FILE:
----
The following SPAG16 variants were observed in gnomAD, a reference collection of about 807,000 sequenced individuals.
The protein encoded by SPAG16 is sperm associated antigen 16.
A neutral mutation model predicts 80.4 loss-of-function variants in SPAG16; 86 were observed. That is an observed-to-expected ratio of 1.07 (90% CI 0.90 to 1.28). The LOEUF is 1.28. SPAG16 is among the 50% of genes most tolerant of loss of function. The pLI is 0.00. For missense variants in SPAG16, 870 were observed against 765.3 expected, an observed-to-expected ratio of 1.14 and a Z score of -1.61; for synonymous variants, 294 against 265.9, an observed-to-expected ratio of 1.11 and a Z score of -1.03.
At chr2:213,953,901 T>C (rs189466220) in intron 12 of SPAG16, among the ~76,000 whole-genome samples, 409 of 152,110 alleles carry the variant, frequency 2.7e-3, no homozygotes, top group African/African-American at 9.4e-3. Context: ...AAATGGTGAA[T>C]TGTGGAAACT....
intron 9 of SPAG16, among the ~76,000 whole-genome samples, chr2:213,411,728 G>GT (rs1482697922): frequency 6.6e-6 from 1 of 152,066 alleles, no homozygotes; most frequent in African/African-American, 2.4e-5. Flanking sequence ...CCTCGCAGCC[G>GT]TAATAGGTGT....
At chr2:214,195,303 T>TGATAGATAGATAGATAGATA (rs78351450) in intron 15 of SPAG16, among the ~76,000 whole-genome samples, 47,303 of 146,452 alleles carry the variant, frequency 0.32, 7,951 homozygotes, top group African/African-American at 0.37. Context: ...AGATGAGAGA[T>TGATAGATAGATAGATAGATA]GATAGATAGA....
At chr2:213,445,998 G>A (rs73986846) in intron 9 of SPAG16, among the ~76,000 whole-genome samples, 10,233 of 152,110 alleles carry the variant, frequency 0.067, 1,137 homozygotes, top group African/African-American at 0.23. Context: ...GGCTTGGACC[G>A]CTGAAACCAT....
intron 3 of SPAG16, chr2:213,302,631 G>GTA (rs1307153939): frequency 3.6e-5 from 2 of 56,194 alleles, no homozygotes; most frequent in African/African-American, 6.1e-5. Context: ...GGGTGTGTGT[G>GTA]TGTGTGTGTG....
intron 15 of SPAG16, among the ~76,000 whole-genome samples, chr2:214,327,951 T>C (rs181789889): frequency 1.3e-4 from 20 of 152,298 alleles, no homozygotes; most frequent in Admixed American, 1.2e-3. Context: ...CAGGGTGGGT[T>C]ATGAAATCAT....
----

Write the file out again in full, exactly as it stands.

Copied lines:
The following SPAG16 variants were observed in gnomAD, a reference collection of about 807,000 sequenced individuals.
The protein encoded by SPAG16 is sperm associated antigen 16.
A neutral mutation model predicts 80.4 loss-of-function variants in SPAG16; 86 were observed. That is an observed-to-expected ratio of 1.07 (90% CI 0.90 to 1.28). The LOEUF is 1.28. SPAG16 is among the 50% of genes most tolerant of loss of function. The pLI is 0.00. For missense variants in SPAG16, 870 were observed against 765.3 expected, an observed-to-expected ratio of 1.14 and a Z score of -1.61; for synonymous variants, 294 against 265.9, an observed-to-expected ratio of 1.11 and a Z score of -1.03.
At chr2:213,953,901 T>C (rs189466220) in intron 12 of SPAG16, among the ~76,000 whole-genome samples, 409 of 152,110 alleles carry the variant, frequency 2.7e-3, no homozygotes, top group African/African-American at 9.4e-3. Context: ...AAATGGTGAA[T>C]TGTGGAAACT....
intron 9 of SPAG16, among the ~76,000 whole-genome samples, chr2:213,411,728 G>GT (rs1482697922): frequency 6.6e-6 from 1 of 152,066 alleles, no homozygotes; most frequent in African/African-American, 2.4e-5. Flanking sequence ...CCTCGCAGCC[G>GT]TAATAGGTGT....
At chr2:214,195,303 T>TGATAGATAGATAGATAGATA (rs78351450) in intron 15 of SPAG16, among the ~76,000 whole-genome samples, 47,303 of 146,452 alleles carry the variant, frequency 0.32, 7,951 homozygotes, top group African/African-American at 0.37. Context: ...AGATGAGAGA[T>TGATAGATAGATAGATAGATA]GATAGATAGA....
At chr2:213,445,998 G>A (rs73986846) in intron 9 of SPAG16, among the ~76,000 whole-genome samples, 10,233 of 152,110 alleles carry the variant, frequency 0.067, 1,137 homozygotes, top group African/African-American at 0.23. Context: ...GGCTTGGACC[G>A]CTGAAACCAT....
intron 3 of SPAG16, chr2:213,302,631 G>GTA (rs1307153939): frequency 3.6e-5 from 2 of 56,194 alleles, no homozygotes; most frequent in African/African-American, 6.1e-5. Context: ...GGGTGTGTGT[G>GTA]TGTGTGTGTG....
intron 15 of SPAG16, among the ~76,000 whole-genome samples, chr2:214,327,951 T>C (rs181789889): frequency 1.3e-4 from 20 of 152,298 alleles, no homozygotes; most frequent in Admixed American, 1.2e-3. Context: ...CAGGGTGGGT[T>C]ATGAAATCAT....